With a performance worthy of praise from even the most ardent Tiger fans, the Penn Quakers outlasted Princeton last night at The Palestra, 77-74, vaulting themselves into a tie for first place in the Ivy League in the process. Good for you, AQ. And good for you, Jerome Allen. The Penn faithful should cease calling for your job… at least for a while.
The Quakers established clear dominance inside right from the start, feeding Darien Nelson-Henry and Fran Dougherty again and again for relatively easy baskets. An early foul by Hans Brase sent him to the bench in favor of Pete Miller, who quickly drew two more, sending the coaching staff to their drawing boards. Penn continued to have its way through most of the first half, helped by the Tigers’ inability to convert their bread-and-butter three point shots.
I suppose I would be remiss if I did not comment on Saturday night’s game.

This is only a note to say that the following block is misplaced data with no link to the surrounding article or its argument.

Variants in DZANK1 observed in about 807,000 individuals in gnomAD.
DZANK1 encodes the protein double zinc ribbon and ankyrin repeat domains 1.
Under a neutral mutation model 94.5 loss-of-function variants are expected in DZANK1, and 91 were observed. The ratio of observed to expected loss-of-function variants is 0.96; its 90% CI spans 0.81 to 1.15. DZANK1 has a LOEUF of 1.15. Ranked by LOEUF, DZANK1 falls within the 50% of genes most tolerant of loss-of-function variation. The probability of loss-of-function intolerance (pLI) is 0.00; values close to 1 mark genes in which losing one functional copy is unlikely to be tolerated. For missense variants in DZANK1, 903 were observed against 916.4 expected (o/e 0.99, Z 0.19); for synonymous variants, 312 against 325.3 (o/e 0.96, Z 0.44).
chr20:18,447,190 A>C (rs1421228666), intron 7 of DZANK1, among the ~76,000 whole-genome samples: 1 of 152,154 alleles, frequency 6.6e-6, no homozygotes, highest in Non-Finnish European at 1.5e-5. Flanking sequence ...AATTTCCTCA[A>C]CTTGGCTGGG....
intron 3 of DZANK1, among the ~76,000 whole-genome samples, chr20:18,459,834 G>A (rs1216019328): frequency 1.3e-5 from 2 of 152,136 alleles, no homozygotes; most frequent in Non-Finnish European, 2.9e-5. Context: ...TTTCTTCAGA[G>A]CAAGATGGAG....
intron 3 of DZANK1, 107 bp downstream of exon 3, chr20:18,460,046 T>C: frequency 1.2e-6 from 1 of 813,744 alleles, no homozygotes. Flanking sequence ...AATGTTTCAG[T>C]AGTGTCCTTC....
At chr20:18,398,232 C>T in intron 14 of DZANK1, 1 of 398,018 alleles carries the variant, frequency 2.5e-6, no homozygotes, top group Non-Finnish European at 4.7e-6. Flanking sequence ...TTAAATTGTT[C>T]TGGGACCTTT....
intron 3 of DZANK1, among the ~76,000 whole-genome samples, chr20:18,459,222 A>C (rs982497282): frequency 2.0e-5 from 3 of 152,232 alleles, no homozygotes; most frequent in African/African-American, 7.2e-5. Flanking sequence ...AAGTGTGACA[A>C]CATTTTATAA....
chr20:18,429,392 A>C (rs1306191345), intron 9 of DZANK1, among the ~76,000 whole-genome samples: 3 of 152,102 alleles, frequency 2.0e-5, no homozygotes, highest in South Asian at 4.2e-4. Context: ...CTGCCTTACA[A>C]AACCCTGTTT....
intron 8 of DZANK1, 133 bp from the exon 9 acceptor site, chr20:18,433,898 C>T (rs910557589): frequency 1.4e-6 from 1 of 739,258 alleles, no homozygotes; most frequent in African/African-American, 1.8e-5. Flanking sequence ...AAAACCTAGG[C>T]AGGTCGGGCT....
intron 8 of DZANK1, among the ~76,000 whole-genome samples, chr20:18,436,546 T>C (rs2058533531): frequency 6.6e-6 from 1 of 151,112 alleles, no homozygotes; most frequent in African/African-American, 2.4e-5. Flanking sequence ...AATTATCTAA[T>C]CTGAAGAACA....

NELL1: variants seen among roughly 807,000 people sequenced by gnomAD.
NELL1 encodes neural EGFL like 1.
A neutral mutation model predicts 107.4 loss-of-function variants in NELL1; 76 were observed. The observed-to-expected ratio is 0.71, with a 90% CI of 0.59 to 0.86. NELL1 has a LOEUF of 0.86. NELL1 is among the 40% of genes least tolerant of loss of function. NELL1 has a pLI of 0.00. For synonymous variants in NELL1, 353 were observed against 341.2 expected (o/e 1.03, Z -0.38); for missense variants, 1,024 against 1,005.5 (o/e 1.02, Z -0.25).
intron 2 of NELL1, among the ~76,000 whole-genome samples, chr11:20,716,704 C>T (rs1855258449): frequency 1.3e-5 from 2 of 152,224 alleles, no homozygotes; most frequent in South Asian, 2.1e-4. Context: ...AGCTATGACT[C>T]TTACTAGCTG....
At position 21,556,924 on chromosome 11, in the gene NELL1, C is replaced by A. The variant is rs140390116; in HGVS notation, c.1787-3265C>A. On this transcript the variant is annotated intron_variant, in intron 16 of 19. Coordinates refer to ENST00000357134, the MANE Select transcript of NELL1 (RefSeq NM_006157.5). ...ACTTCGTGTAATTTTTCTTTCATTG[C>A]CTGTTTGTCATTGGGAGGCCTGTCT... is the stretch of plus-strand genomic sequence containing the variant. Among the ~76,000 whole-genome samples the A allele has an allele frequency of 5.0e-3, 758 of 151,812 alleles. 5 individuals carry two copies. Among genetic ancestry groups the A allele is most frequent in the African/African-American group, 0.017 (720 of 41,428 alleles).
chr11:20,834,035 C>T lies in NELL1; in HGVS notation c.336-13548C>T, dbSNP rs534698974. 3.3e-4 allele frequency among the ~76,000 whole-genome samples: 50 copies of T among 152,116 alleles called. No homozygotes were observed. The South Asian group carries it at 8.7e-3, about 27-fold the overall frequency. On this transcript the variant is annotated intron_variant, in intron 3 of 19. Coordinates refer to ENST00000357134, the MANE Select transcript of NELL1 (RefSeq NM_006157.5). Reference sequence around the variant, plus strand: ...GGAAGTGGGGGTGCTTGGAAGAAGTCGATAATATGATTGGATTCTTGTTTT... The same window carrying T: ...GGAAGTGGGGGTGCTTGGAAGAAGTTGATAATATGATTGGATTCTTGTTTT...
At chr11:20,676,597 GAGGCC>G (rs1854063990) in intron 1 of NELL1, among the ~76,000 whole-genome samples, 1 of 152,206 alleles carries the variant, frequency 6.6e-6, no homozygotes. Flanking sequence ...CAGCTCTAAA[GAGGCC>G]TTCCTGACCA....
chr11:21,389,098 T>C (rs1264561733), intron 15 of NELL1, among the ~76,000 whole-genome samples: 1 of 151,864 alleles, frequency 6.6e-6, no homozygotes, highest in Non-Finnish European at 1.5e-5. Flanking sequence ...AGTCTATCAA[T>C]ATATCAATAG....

The Penn-Princeton rivalry is, and always has been, special. In fact, as I recall our games at both the Palestra and that drafty, geodesic aircraft hanger in New Jersey, my ears still ring. Saturday’s contest was indeed no exception in our shared history as the Quakers finally showed a flash of the kind of team that everyone (including me) thought they could, would, and should be. The Tigers are a decent team (I stop short of classifying them as “a good team” because, after all, it’s the Tigers), and Penn, along with the much-vilified Jerome Allen, should be congratulated for taking them down in exciting fashion. The Red & Blue somehow managed to do everything they hadn’t done during most of their brutal and disappointing non-conference schedule, namely: rebound (42-25), defend, and play a full 40 minutes of hoops. Still, they almost gave the game away by once again beating themselves with costly fouls and turnovers. Their bench play was also better but, in general, remained mostly invisible. Princeton, for their part, happened to have an off night from the three point line, a usual strength of their team, thus validating the axiom, “live by the three, die by the three.” Tonight, they died. [Ed. note: This is what’s possible when you shoot over half of your attempts from behind the arc– 50.7%, the highest percentage in the country– you are bound to have off nights like that.]